This proposal seeks to investigate the cellular substrates that underlie the experience-dependent reorganization of binocular responses in the mouse primary visual cortex during monocular deprivation. The methods to be used are efficient means of measuring changes in eye-specific responses and neural circuit anatomy longitudinally in individual transgenic mice: (1) transcranial intrinsic signal optical imaging, and (2) two-photon microscopy of calcium indicator fluorescence and genetically labeled neurons. Previous studies have found extragranular layers to be the locus mediating rapid, activity-dependent visual cortical plasticity, with anatomical changes comparable in speed and magnitude to the change in visual responses. In this proposal, this phenomenon will be investigated in greater detail by characterizing the physiological and anatomical changes occurring in vivo in subsets of genetically labeled supragranular excitatory neurons in the binocular zone of the primary visual cortex during monocular deprivation. Since the mouse primary visual cortex is devoid of ocular dominance columns, functional two-photon microscopy will be used to correlate eye-specific responses of singly, genetically labeled neurons with corresponding anatomical changes as they occur during monocular deprivation. The physiological and anatomical changes will be characterized in the context of three temporally distinct phases of monocular deprivation: (1) loss of response to the deprived eye, (2) a dramatic increase in open eye response and a slight increase in deprived eye response, and (3) a return of responses to their initial state after re-opening the deprived eye. The success of this proposal would provide an in-depth understanding of the changes that occur during visual cortical plasticity and could unveil a canvas for future studies investigating the molecular mechanisms that underlie plasticity early in development and in adult. Moreover, elucidating the substrates of visual cortical plasticity is a fundamental issue that supports the basis for treatment of acquired brain abnormalities (e.g. amblyopia).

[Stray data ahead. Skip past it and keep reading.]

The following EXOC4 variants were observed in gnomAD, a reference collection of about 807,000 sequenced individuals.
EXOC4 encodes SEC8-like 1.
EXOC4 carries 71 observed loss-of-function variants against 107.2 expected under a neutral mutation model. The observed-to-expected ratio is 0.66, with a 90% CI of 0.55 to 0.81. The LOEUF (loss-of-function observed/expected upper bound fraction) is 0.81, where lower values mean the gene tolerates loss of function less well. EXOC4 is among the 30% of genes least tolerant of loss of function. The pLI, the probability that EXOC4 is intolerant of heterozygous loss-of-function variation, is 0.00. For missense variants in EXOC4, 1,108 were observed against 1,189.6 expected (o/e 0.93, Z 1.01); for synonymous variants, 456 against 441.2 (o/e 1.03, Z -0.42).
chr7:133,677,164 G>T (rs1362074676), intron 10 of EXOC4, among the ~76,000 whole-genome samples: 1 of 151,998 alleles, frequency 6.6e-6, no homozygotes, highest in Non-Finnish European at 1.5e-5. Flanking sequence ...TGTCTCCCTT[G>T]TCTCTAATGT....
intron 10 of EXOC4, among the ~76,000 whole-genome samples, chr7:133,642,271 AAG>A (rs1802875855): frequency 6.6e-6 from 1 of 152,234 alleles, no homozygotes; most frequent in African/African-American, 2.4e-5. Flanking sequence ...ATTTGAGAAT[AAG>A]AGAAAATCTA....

|Espinosa, J Sebastian; Stryker, Michael P (2012) Development and plasticity of the primary visual cortex. Neuron 75:230-49|